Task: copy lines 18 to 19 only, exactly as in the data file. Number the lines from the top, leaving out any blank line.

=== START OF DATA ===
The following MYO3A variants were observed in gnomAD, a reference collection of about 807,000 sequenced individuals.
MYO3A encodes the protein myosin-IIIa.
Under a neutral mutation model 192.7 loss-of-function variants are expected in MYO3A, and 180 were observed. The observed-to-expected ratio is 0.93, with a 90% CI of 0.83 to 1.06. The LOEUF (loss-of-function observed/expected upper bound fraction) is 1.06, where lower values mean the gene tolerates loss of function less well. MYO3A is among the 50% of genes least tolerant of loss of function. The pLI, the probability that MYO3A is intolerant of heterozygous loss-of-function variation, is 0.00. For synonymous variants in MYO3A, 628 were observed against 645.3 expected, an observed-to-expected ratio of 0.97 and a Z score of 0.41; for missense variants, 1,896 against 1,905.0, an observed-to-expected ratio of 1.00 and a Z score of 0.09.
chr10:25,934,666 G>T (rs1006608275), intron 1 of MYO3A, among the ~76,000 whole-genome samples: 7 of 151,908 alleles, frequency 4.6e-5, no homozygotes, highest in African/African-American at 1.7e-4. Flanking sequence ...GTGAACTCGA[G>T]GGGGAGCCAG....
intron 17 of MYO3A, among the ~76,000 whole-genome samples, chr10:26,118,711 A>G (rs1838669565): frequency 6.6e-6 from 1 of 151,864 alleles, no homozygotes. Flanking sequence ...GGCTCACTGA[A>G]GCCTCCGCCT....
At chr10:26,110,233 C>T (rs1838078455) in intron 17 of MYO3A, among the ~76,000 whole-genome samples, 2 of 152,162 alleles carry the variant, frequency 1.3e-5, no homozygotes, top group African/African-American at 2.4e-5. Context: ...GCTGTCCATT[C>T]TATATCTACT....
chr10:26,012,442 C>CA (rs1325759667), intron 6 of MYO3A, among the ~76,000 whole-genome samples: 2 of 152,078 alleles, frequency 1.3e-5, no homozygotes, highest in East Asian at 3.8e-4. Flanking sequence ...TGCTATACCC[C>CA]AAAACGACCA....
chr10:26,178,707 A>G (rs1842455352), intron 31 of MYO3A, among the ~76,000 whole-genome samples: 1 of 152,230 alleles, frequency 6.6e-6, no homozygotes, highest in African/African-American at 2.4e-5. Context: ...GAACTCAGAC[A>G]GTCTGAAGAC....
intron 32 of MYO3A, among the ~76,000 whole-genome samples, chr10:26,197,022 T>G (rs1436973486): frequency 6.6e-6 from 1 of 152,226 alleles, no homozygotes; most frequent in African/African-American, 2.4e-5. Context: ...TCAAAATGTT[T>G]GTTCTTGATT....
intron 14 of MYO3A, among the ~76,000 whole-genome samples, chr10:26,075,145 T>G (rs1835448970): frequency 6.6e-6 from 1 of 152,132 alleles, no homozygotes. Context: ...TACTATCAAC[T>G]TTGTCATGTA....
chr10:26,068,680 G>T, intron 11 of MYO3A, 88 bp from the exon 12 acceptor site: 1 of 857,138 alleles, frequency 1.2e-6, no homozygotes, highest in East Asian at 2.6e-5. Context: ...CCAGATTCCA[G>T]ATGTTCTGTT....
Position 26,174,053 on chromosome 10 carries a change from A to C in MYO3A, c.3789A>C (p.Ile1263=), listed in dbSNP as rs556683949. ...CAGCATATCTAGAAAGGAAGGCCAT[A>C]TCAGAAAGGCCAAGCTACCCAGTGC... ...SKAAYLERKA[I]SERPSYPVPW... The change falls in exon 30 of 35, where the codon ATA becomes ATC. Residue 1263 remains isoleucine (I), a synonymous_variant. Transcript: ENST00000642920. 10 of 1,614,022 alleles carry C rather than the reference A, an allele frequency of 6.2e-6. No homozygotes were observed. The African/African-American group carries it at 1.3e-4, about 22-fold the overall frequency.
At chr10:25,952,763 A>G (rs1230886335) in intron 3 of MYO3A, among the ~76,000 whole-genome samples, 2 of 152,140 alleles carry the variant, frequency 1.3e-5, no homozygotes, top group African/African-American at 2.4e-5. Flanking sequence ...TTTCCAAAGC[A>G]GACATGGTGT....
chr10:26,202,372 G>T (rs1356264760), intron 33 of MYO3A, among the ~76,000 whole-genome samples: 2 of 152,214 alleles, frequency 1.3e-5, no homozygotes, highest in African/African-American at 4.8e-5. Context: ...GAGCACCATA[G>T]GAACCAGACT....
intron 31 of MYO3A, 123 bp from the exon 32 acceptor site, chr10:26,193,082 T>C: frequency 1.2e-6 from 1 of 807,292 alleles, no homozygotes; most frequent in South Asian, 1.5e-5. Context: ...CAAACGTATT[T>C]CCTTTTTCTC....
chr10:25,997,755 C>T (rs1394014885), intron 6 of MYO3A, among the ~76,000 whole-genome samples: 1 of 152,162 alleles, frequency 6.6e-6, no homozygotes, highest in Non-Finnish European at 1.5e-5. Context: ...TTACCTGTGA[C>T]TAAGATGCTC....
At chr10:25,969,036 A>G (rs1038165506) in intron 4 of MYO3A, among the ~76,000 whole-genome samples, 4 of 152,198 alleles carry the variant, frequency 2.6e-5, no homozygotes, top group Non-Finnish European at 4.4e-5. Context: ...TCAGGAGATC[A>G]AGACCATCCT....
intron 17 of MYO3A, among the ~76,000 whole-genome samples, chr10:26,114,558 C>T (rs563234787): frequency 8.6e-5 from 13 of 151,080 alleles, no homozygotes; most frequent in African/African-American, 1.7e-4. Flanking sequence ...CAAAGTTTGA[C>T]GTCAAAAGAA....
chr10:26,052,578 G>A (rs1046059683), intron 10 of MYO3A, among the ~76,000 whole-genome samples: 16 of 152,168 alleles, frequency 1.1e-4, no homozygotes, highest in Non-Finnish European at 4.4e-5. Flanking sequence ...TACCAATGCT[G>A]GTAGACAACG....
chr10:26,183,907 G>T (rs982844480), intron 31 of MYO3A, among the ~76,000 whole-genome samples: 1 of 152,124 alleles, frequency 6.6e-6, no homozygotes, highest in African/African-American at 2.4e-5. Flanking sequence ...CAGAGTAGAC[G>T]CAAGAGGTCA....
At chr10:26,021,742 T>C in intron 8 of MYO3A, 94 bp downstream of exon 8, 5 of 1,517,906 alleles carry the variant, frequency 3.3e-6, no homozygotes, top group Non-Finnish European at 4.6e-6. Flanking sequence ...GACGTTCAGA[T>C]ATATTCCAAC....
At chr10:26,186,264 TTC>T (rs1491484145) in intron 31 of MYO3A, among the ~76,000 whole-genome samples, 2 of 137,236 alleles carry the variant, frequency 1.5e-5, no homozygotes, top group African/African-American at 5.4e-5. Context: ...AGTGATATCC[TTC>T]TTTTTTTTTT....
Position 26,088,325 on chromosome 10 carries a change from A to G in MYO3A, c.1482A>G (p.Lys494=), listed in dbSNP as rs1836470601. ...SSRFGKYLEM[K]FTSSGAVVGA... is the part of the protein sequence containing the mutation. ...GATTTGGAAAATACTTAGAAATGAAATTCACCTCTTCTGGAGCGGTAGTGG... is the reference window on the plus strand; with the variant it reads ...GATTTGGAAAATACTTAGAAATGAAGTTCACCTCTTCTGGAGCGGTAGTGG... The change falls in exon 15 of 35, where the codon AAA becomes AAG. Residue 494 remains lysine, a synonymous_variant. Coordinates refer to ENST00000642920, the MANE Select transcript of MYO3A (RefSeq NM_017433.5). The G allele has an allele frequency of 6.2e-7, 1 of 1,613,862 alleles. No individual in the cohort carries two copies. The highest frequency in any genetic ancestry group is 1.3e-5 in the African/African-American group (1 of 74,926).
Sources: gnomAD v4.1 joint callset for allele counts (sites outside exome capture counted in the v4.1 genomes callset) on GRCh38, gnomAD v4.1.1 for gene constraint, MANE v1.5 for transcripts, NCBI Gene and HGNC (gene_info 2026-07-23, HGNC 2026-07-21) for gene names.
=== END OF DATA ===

intron 17 of MYO3A, among the ~76,000 whole-genome samples, chr10:26,114,558 C>T (rs563234787): frequency 8.6e-5 from 13 of 151,080 alleles, no homozygotes; most frequent in African/African-American, 1.7e-4. Flanking sequence ...CAAAGTTTGA[C>T]GTCAAAAGAA....
chr10:26,052,578 G>A (rs1046059683), intron 10 of MYO3A, among the ~76,000 whole-genome samples: 16 of 152,168 alleles, frequency 1.1e-4, no homozygotes, highest in Non-Finnish European at 4.4e-5. Flanking sequence ...TACCAATGCT[G>A]GTAGACAACG....